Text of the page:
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Rocky Balboa (Sylvester Stallone), the one-time world heavyweight boxing champ, spends his evenings telling old fight stories to the patrons of his restaurant, Adrian's, named after his late wife, whom he quietly mourns. His grown up son (Milo Ventimiglia) complains of being in his shadow ...and his old trainer & friend Paulie (Burt Young) is sick of Rocky living in the past. Mason 'The Line' Dixon (Antonio Tarver) is the reigning heavyweight champion, losing popularity for the ease with which he dispatches opponents. Until a computer simulation matches him against Rocky Balboa in his prime. Dixon's management has the audacious idea to revitalize their client's career with an exhibition match in Las Vegas - against Rocky. For Rocky, nearly twice the age of his opponent, the prospect of a fight with Dixon is a chance for the last fight that's left in him.

Review by Andrew L. Urban:
The old bastard's done it again. Sylvester Stallone has done with this film what his character does in the movie: he has come out and delivered that last fight that all fighters are supposed to have left in them. The first Rocky in 1976 (!) collected Best Picture and two other Oscars, plus nominations in seven other categories. Rocky V was made in 1990, but the sequels were support bouts compared to the original - and compared to this superbly structured, emotional heavyweight of a drama.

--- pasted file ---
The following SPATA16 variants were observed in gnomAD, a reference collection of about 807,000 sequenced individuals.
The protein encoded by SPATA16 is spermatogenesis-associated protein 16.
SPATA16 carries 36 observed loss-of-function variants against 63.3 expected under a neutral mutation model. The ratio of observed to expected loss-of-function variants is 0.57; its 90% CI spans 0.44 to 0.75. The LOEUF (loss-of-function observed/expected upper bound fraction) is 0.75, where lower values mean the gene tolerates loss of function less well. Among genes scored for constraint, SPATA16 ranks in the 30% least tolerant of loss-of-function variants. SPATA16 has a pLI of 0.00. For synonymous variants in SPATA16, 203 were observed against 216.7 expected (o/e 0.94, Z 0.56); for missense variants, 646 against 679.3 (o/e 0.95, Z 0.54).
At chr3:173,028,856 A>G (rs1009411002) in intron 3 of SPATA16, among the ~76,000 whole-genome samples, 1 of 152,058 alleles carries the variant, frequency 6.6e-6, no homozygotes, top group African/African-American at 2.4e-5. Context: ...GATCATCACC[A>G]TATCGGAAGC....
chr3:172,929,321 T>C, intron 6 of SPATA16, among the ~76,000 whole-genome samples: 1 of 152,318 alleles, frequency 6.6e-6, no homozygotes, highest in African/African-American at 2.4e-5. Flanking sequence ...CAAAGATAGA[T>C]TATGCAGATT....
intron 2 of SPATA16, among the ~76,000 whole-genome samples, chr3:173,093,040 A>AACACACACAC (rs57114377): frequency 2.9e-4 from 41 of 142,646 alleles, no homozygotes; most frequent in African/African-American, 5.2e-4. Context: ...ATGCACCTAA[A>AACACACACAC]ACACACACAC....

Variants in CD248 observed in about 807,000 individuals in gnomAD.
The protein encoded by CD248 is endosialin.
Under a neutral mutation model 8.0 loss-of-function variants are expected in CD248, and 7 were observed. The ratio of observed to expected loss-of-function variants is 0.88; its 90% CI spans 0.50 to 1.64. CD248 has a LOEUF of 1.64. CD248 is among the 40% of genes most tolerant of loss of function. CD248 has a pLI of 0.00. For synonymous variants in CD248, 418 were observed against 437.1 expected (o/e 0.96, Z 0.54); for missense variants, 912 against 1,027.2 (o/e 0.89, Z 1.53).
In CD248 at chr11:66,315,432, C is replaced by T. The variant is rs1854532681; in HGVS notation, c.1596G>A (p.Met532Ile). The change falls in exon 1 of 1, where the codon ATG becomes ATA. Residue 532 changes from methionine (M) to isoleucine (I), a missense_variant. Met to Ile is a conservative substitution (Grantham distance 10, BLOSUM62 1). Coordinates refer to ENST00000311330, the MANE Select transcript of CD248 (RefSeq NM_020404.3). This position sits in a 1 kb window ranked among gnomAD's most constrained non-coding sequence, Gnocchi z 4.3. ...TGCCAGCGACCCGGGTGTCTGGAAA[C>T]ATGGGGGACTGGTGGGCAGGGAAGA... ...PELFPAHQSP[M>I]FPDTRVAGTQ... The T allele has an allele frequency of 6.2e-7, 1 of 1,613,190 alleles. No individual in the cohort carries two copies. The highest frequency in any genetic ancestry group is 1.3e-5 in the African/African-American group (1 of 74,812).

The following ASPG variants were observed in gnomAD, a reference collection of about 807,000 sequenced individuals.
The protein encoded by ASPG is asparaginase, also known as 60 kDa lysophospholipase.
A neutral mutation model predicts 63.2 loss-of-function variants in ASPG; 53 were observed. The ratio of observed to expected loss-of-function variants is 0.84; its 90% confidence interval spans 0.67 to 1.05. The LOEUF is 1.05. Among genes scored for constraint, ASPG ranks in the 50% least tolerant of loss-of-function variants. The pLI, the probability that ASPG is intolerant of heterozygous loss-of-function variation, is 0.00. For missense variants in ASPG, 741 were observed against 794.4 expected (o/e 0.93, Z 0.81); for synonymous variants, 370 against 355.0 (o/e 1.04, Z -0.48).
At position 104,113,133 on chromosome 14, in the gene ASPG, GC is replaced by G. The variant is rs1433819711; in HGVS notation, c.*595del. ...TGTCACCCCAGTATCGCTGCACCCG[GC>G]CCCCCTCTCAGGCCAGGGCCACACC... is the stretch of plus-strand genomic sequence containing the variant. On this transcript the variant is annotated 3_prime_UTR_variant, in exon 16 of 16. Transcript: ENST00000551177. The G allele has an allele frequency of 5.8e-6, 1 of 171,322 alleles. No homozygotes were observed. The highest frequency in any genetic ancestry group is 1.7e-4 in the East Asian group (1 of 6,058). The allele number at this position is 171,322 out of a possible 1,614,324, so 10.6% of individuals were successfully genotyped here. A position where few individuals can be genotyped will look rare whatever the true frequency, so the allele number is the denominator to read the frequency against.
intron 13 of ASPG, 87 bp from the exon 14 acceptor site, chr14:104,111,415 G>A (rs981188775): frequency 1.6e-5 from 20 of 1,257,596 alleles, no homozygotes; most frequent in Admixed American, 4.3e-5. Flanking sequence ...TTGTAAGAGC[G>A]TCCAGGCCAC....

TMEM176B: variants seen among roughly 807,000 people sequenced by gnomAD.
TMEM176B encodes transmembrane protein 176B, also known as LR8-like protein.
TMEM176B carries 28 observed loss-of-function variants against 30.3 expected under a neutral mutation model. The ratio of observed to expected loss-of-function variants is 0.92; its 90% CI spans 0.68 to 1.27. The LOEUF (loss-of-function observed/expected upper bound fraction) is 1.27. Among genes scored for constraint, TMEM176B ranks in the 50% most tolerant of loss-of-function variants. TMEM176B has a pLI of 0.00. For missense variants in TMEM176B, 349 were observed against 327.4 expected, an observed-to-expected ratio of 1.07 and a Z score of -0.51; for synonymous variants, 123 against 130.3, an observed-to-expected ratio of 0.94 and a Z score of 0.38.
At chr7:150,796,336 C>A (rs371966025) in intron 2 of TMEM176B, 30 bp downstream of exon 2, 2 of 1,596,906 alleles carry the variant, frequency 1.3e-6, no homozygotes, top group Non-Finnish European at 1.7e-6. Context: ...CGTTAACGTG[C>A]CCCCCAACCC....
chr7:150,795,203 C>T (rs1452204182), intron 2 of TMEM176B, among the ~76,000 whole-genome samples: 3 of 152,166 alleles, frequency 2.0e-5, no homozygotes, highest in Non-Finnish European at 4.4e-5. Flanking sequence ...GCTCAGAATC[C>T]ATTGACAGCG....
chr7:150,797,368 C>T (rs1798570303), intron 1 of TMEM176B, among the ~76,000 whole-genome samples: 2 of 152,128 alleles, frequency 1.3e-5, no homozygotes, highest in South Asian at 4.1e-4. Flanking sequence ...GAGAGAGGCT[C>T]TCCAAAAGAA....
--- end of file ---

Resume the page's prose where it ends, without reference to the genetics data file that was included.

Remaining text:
We believe everything in this film, from Rocky Balboa's painful grief to his mumbling, aimless life as a small time restaurant owner. We believe the gently built tale of a budding relationship with a woman at his old bar, and the way this intersection of his life turns into something that gives him a sense of meaning. And how the emotions he finds swirling around 'in the basement' of his very being give him the very same life lessons that he is trying to give his son.

Here, too, the relationship is sensitively crafted, turning the predictable into a meaningful part of the story. Stallone directs with great verve, starting slowly and building carefully to make sure we keep up - emotionally and with character development.

It's a bit over an hour into the film before Rocky gets to start training, when we are reminded of the iconic jog up the long stairway of the Philadelphia Museum of Art in his track suit to the adrenaline pumping score originated by Bill Conti. It's not used again until the end credits, a symbol of the restraint that marks much of the film's approach, including its controlled triumphal.

Stallone shows us Rocky the ageing fighter from all angles, but when the exhibition match begins, he really takes the gloves off, in a manner of speaking. There are many boxing films that show us heart-pumping fights, but this one is up there with the most spectacular, a technical knock-out of cinematic achievement, which carries a mother-lode of emotional payoffs, like giant firecrackers at a Chinese celebration. Heart and muscle are again fused in (and for) Rocky Balboa.

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(US, 2006)

CAST: Sylvester Stallone, Burt Young, Milo Ventimiglia, Geraldine Hughes, Antonio Tarver, James Francis Kelly III, Tony Burton, Henry G. Sanders,

PRODUCER: William Chartoff, Kevin King, Charles Winkler, David Winkler

DIRECTOR: Sylvester Stallone

SCRIPT: Sylvester Stallone


EDITOR: Sean Albertson

MUSIC: Bill Conti

PRODUCTION DESIGN: Franco-Giacomo Carbone

RUNNING TIME: 102 minutes


AUSTRALIAN RELEASE: February 22, 2007

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